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VW jumps on the scooter trend with electric Streetmate and Cityskater

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By the looks of its display stand, Volkswagen might have mistaken the 2019 Geneva Motor Show for Los Angeles. In addition to the global unveiling of the retro-futuristic electric I.D. Buggy Concept, VW is debuting two electric mobility scooters perfect for warm city climates. The Streetmate is meant as a medium-range option that could replace the need for a city car, while the Cityskater is a low-range last-mile gadget.

Hopping on the scooter trend that has has taken over cities like a quickly spreading virus, Volkswagen is expanding its path of electric overkill with two battery-powered scooters. Both are intended to cut down the use of vehicles in city environments in efforts to reduce congestion and emissions.

The Streetmate was designed for medium-range commutes and has a beefier design similar to a bicycle. It can be used in the standing or sitting position, and could park anywhere a small motorcycle could fit. It does weigh 143 pounds, however, so this is not something that can be picked up and carried anywhere (that’s where the Cityskater comes in).

The Streetmate’s electric motor is integrated into the rear wheel hub and is rated at 2.7 horsepower. Power comes from a 1.3-kWh lithium-ion battery pack that sits in the scooter’s floor, much like the design of an electric car. VW claims it has a 28-mph top speed and can putz around for 21 miles on a single charge, according to the WLTP cycle. The battery can be removed and charged inside or charged while attached the scooter, but either way, it will take two hours and 15 minutes when connected to a 500-watt power source. Range could potentially be slightly extended, according to VW, thanks to regenerative braking and through the use of the scooter’s Eco mode.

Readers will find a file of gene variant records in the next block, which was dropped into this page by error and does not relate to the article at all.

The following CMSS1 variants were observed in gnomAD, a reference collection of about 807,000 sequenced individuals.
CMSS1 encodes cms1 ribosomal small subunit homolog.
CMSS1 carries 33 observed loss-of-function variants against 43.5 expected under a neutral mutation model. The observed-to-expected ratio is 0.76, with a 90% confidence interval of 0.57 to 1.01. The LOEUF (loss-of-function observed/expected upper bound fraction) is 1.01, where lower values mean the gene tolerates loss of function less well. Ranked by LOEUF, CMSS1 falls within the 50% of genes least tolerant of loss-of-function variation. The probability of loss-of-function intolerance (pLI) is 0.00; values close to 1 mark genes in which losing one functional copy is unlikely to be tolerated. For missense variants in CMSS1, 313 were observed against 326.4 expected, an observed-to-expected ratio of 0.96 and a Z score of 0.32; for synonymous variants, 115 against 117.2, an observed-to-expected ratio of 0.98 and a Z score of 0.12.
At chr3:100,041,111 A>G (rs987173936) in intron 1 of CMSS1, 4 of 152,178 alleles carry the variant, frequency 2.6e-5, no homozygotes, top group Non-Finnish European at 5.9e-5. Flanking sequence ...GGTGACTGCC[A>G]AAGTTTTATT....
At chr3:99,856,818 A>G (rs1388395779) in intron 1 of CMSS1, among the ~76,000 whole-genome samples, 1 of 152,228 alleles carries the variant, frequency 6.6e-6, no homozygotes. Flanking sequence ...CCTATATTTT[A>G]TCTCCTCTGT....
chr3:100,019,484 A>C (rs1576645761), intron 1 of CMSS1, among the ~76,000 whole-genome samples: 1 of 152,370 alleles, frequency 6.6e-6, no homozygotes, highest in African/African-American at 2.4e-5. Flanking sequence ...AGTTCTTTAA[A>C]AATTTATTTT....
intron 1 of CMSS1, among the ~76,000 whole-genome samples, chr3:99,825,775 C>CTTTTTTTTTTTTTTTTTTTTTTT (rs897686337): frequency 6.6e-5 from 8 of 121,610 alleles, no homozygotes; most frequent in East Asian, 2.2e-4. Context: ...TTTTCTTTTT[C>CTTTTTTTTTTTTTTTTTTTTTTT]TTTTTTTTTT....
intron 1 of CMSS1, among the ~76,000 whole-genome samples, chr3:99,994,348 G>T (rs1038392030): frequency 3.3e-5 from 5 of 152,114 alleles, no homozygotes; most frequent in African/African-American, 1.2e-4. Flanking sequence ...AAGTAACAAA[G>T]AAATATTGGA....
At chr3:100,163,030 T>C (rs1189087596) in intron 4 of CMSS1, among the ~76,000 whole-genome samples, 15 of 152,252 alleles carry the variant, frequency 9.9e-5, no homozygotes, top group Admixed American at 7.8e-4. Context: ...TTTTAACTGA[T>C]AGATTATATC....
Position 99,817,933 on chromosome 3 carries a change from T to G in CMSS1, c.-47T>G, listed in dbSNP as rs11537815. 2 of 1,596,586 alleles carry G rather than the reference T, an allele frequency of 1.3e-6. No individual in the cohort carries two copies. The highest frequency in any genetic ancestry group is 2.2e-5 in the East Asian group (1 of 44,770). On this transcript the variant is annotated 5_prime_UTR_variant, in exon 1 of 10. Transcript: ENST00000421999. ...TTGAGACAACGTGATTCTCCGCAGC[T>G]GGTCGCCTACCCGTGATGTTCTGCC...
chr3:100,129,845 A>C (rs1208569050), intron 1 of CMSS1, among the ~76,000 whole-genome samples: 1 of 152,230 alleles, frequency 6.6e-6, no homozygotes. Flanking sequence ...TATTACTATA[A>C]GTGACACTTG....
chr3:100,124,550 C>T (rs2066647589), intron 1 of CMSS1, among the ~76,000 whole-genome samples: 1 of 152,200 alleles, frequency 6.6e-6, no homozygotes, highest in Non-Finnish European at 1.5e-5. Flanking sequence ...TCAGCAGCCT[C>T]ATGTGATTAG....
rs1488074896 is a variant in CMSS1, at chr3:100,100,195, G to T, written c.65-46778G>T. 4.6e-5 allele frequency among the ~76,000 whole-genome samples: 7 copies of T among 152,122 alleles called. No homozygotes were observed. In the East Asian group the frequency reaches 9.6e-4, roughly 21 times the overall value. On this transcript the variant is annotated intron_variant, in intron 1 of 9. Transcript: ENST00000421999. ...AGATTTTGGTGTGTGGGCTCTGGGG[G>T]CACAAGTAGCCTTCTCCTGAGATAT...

The Streetmate, which would require a license and a helmet in Europe, has modern smart-linked amenities, as well. Users can tie their devices to the scooter for battery monitoring, location services, range status, and as an electronic key. Battery and range numbers can also be seen on the 5.3-inch weatherproof display between the handlebars.

The Cityskater doesn’t have smartphone capabilities or a digital screen, but it’s high-tech in other ways such as its design. Rather than a single-board design, the Cityskater has two boards up front for a three-wheel design. According to VW, the steering is similar to skiing, as the direction is determined by shifting weight side to side. A “control rod” stabilizes the scooter, as well as starts and brakes it.

Whereas the Streetmate is intended for real commutes, the Cityskater was built for short connecting trips. The Cityskater is 33.5 inches long and weighs only 33 pounds, so it could be carried and taken anywhere. A 0.5-horsepower electric motor on the rear wheel isn’t much, but it can motivate the scooter up to 12 mph, and VW claims it has a nine miles of range on a full charge. The 200 kW lithium-ion battery can charge up to 50 percent in less than an hour on a normal 230-volt socket in Europe.

Volkswagen says the scooters are under evaluation for homologation but made no mention of whether they would go into full production. If they do, they’d likely be limited to the European markets.

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